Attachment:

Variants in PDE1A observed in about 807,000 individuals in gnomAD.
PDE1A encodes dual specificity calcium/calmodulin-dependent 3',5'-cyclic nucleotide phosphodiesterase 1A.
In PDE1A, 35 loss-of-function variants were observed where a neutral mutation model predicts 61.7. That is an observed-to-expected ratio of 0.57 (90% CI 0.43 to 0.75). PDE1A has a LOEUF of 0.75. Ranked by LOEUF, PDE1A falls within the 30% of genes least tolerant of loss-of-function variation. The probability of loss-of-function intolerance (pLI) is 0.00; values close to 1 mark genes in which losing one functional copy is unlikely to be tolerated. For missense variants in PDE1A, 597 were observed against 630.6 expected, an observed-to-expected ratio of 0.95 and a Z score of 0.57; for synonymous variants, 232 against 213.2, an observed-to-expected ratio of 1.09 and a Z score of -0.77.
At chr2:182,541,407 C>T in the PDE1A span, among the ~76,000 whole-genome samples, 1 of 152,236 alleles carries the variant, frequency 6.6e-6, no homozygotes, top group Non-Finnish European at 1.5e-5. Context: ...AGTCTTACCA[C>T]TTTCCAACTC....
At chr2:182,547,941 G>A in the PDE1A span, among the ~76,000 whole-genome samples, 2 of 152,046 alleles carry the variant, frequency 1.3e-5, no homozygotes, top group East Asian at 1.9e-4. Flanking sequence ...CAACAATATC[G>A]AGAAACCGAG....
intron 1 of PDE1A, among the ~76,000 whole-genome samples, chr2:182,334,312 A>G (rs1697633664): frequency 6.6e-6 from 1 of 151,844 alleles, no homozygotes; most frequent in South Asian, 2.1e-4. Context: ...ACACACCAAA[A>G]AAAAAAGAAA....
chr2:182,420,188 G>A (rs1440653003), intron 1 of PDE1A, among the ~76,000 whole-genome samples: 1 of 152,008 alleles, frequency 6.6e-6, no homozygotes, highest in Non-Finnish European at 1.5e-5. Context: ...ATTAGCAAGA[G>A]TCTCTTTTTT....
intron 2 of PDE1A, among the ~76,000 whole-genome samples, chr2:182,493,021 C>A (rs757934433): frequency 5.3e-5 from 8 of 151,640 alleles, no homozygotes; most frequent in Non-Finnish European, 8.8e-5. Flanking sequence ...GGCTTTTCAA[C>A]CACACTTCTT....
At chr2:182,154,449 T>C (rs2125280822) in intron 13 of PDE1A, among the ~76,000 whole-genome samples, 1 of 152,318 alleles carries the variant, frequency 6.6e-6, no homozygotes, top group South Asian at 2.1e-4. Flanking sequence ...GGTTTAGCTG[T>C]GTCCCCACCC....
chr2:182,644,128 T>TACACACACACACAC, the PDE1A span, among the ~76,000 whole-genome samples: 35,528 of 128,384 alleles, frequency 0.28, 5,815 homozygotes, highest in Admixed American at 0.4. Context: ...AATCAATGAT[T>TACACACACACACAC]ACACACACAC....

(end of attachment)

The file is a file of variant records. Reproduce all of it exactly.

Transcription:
Variants in PDE1A observed in about 807,000 individuals in gnomAD.
PDE1A encodes dual specificity calcium/calmodulin-dependent 3',5'-cyclic nucleotide phosphodiesterase 1A.
In PDE1A, 35 loss-of-function variants were observed where a neutral mutation model predicts 61.7. That is an observed-to-expected ratio of 0.57 (90% CI 0.43 to 0.75). PDE1A has a LOEUF of 0.75. Ranked by LOEUF, PDE1A falls within the 30% of genes least tolerant of loss-of-function variation. The probability of loss-of-function intolerance (pLI) is 0.00; values close to 1 mark genes in which losing one functional copy is unlikely to be tolerated. For missense variants in PDE1A, 597 were observed against 630.6 expected, an observed-to-expected ratio of 0.95 and a Z score of 0.57; for synonymous variants, 232 against 213.2, an observed-to-expected ratio of 1.09 and a Z score of -0.77.
At chr2:182,541,407 C>T in the PDE1A span, among the ~76,000 whole-genome samples, 1 of 152,236 alleles carries the variant, frequency 6.6e-6, no homozygotes, top group Non-Finnish European at 1.5e-5. Context: ...AGTCTTACCA[C>T]TTTCCAACTC....
At chr2:182,547,941 G>A in the PDE1A span, among the ~76,000 whole-genome samples, 2 of 152,046 alleles carry the variant, frequency 1.3e-5, no homozygotes, top group East Asian at 1.9e-4. Flanking sequence ...CAACAATATC[G>A]AGAAACCGAG....
intron 1 of PDE1A, among the ~76,000 whole-genome samples, chr2:182,334,312 A>G (rs1697633664): frequency 6.6e-6 from 1 of 151,844 alleles, no homozygotes; most frequent in South Asian, 2.1e-4. Context: ...ACACACCAAA[A>G]AAAAAAGAAA....
chr2:182,420,188 G>A (rs1440653003), intron 1 of PDE1A, among the ~76,000 whole-genome samples: 1 of 152,008 alleles, frequency 6.6e-6, no homozygotes, highest in Non-Finnish European at 1.5e-5. Context: ...ATTAGCAAGA[G>A]TCTCTTTTTT....
intron 2 of PDE1A, among the ~76,000 whole-genome samples, chr2:182,493,021 C>A (rs757934433): frequency 5.3e-5 from 8 of 151,640 alleles, no homozygotes; most frequent in Non-Finnish European, 8.8e-5. Flanking sequence ...GGCTTTTCAA[C>A]CACACTTCTT....
At chr2:182,154,449 T>C (rs2125280822) in intron 13 of PDE1A, among the ~76,000 whole-genome samples, 1 of 152,318 alleles carries the variant, frequency 6.6e-6, no homozygotes, top group South Asian at 2.1e-4. Flanking sequence ...GGTTTAGCTG[T>C]GTCCCCACCC....
chr2:182,644,128 T>TACACACACACACAC, the PDE1A span, among the ~76,000 whole-genome samples: 35,528 of 128,384 alleles, frequency 0.28, 5,815 homozygotes, highest in Admixed American at 0.4. Context: ...AATCAATGAT[T>TACACACACACACAC]ACACACACAC....